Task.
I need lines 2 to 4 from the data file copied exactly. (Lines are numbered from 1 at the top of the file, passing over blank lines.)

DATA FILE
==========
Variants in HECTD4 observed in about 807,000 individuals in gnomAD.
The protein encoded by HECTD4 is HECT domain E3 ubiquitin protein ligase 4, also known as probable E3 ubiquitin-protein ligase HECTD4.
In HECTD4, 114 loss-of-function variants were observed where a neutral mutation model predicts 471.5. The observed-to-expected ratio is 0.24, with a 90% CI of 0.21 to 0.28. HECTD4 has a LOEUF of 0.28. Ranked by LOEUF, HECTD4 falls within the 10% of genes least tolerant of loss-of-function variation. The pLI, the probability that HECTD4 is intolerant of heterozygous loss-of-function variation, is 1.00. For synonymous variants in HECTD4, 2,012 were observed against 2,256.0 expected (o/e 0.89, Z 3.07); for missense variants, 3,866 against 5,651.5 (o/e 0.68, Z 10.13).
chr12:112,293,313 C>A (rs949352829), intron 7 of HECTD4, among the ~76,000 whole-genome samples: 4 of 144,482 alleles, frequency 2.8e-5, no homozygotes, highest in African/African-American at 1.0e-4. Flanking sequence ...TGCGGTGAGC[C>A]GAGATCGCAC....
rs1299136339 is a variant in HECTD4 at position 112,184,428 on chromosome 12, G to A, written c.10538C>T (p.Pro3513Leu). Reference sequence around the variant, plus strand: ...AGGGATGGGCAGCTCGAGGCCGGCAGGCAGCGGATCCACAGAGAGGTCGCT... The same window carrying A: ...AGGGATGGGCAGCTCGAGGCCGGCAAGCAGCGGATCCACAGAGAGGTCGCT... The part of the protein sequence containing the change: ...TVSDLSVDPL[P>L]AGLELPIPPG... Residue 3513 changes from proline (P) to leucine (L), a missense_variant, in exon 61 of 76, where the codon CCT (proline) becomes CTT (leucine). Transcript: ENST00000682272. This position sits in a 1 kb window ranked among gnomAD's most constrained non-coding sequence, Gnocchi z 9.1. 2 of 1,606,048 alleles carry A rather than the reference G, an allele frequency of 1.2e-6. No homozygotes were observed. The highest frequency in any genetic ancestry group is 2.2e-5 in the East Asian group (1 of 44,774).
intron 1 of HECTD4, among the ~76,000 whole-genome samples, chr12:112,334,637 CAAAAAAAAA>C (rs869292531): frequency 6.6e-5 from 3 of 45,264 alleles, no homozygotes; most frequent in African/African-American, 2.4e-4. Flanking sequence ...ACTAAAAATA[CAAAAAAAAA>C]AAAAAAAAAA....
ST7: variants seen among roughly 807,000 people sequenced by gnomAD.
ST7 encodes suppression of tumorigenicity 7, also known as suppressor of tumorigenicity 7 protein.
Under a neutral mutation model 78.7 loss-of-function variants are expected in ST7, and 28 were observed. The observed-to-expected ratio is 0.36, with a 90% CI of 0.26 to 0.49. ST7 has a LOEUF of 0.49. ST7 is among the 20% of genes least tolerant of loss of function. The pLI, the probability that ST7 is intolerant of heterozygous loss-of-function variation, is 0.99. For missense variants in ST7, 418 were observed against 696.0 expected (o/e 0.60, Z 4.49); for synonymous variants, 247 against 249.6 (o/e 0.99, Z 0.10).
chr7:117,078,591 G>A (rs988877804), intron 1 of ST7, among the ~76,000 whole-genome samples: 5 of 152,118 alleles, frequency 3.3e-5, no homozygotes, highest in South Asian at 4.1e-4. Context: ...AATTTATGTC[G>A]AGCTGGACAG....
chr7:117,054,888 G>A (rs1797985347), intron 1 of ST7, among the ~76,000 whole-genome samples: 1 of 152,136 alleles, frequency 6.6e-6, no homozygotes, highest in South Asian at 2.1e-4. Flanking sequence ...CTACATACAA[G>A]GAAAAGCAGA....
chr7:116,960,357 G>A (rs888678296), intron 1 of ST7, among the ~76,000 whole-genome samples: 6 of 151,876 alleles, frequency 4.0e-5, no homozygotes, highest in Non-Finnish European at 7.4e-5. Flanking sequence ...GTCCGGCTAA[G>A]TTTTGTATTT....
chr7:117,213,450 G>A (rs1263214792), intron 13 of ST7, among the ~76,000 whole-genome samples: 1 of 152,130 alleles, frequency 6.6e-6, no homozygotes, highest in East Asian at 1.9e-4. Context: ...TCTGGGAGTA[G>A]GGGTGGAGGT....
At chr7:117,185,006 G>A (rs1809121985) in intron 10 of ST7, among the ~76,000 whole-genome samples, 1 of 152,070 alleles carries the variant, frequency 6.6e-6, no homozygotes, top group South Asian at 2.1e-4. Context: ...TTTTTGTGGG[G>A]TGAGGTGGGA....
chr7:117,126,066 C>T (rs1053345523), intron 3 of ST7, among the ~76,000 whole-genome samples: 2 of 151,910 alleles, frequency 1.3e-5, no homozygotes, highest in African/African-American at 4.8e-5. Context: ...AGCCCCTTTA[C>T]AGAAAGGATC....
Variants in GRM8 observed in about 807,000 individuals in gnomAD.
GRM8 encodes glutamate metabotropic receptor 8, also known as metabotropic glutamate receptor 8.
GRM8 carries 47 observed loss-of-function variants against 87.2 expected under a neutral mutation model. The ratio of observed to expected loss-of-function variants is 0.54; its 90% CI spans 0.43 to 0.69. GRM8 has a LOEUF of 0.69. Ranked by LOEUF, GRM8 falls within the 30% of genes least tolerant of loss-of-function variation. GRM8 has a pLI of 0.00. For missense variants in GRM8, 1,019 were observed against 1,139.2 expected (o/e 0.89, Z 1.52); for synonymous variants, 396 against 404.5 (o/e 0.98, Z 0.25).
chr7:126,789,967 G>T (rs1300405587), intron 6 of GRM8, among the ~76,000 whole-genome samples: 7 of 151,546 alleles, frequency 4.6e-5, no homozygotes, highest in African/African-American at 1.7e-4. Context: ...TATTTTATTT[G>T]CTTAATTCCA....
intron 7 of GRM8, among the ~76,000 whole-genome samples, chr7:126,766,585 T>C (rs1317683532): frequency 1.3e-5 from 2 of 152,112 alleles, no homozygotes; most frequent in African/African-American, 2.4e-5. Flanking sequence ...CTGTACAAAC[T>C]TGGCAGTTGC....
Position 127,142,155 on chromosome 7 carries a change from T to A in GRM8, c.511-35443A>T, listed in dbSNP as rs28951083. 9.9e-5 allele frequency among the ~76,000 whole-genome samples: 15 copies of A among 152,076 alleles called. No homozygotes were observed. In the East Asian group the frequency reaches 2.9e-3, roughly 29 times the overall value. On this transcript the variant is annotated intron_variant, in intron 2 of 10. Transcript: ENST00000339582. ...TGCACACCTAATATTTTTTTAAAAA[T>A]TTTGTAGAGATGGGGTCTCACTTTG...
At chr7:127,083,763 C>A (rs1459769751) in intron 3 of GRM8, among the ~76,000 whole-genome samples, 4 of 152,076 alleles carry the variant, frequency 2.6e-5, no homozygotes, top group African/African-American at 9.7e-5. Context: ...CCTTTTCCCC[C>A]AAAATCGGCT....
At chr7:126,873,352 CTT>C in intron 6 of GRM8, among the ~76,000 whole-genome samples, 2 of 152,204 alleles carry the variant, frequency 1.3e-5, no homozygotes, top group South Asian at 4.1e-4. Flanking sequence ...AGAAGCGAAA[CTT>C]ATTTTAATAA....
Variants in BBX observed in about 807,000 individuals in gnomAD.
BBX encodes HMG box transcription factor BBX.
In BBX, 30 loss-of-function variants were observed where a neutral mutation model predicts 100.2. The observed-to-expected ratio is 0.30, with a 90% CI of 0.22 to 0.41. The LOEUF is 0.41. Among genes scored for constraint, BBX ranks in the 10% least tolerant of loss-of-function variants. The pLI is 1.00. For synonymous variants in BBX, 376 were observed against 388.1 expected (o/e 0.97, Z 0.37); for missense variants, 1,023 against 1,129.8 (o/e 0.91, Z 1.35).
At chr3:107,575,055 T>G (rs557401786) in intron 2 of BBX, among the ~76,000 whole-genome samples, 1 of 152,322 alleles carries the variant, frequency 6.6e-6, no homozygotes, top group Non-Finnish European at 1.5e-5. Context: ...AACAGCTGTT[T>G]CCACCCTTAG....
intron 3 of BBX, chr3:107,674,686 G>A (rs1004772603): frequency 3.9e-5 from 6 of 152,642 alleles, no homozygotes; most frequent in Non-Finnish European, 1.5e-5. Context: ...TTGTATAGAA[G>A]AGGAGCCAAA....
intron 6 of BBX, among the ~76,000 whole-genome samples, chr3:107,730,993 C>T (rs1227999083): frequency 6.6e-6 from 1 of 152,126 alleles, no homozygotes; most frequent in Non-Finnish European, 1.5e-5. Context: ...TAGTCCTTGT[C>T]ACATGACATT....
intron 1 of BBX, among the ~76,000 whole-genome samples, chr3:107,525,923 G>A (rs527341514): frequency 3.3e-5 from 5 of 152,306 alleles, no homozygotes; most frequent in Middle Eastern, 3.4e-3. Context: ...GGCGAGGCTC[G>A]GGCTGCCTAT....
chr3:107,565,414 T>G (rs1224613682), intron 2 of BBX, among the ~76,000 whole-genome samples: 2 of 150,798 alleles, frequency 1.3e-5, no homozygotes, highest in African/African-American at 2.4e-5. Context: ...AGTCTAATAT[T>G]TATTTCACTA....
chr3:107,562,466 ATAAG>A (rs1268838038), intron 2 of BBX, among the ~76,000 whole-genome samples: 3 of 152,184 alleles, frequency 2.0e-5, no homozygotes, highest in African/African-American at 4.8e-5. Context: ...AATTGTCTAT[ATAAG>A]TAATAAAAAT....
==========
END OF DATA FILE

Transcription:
The protein encoded by HECTD4 is HECT domain E3 ubiquitin protein ligase 4, also known as probable E3 ubiquitin-protein ligase HECTD4.
In HECTD4, 114 loss-of-function variants were observed where a neutral mutation model predicts 471.5. The observed-to-expected ratio is 0.24, with a 90% CI of 0.21 to 0.28. HECTD4 has a LOEUF of 0.28. Ranked by LOEUF, HECTD4 falls within the 10% of genes least tolerant of loss-of-function variation. The pLI, the probability that HECTD4 is intolerant of heterozygous loss-of-function variation, is 1.00. For synonymous variants in HECTD4, 2,012 were observed against 2,256.0 expected (o/e 0.89, Z 3.07); for missense variants, 3,866 against 5,651.5 (o/e 0.68, Z 10.13).
chr12:112,293,313 C>A (rs949352829), intron 7 of HECTD4, among the ~76,000 whole-genome samples: 4 of 144,482 alleles, frequency 2.8e-5, no homozygotes, highest in African/African-American at 1.0e-4. Flanking sequence ...TGCGGTGAGC[C>A]GAGATCGCAC....